The decision by new Greek Defense Minister Panos Kammenos to fly by helicopter over the eastern Aegean Imia islets, the site of a military standoff with Turkey in 1996, prompted a reaction from Ankara Friday.
Two Turkish F-16s approached the uninhabited rocky formations, without however entering Greek air space, as Kammenos and military chiefs flew over Imia to drop wreaths in memory of three Hellenic Navy officers who died when their helicopter crashed during a reconnaissance mission in the area. Two Greek fighter jets circled over the area within the country’s air space until the helicopter headed for the island of Crete.
A statement by Greece’s Defense Ministry saying that the two Turkish jets were intercepted by the Greek aircraft was later contradicted by the Hellenic Air Force and the National Defense General Staff.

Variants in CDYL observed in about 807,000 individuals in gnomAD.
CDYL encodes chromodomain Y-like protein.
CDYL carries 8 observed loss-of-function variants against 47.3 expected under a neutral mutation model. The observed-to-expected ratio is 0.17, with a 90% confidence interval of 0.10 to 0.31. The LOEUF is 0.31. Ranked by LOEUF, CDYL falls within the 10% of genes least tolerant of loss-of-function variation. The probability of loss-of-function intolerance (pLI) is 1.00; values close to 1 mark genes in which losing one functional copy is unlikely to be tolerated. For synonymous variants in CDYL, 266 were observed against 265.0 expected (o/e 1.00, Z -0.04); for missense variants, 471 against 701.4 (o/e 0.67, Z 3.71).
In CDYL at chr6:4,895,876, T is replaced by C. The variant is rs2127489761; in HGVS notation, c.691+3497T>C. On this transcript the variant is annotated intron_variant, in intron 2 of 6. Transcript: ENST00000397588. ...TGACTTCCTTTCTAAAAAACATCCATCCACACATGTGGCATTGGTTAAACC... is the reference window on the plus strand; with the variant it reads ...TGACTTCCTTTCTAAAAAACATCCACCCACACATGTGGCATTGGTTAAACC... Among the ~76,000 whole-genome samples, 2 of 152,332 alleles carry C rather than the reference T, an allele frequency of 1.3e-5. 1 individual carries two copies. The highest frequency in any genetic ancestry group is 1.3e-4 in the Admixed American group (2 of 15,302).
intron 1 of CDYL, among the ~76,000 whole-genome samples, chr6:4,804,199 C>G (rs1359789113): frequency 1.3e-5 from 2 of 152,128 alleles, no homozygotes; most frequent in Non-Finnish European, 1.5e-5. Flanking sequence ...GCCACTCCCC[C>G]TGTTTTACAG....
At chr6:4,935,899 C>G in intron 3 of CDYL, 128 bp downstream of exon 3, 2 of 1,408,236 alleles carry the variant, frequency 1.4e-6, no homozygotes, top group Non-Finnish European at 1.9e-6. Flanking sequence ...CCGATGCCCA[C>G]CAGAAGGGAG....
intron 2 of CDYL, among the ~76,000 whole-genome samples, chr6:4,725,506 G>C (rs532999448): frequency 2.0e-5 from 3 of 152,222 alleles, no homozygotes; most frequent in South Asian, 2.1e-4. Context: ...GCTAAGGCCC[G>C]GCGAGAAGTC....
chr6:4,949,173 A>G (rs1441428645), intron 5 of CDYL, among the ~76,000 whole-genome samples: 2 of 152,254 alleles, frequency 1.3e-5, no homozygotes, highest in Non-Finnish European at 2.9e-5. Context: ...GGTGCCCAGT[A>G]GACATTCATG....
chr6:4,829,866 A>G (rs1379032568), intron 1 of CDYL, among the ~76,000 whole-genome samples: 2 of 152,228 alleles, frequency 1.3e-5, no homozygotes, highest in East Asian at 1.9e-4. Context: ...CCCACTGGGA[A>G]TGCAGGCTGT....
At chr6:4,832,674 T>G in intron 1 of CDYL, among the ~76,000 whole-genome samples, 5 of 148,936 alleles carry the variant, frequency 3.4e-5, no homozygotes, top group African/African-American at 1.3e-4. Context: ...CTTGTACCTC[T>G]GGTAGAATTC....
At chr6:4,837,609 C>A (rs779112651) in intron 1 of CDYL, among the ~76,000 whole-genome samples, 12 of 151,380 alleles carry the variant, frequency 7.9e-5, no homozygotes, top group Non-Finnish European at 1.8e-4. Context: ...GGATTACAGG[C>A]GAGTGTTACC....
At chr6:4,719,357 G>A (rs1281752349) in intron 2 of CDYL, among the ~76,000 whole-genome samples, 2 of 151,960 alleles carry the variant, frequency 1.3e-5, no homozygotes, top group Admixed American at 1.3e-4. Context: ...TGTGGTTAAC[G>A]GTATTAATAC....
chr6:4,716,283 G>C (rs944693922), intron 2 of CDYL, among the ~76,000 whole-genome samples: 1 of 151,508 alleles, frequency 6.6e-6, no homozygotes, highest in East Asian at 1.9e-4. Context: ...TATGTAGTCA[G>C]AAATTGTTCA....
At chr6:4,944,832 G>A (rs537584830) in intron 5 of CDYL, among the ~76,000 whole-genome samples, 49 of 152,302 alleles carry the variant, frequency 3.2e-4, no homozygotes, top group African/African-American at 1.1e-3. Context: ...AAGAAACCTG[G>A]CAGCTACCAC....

“The reason the defense minister went there was to show his patriotism and to honor those who died there,” said Maria Chrysoveloni, spokeswoman for SYRIZA’s nationalist coalition partner Independent Greeks.
During a memorial service earlier in the day, Kammenos said that “the Imia [incident] was not an unfortunate event,” vowing that investigations into the incident will continue. He did not clarify his comment.
Meanwhile Friday, Turkish President Recep Tayyip Erdogan urged caution from Greece’s new Prime Minister Alexis Tsipras. Asked about Tsipras’s campaign pledge to dig in on bailout terms, Erdogan said, “Populism must have its limits,” adding that failing to deliver on one’s pledges can cause problems.
Tsipras is to travel to close ally Cyprus on Monday for his first visit abroad since his election victory.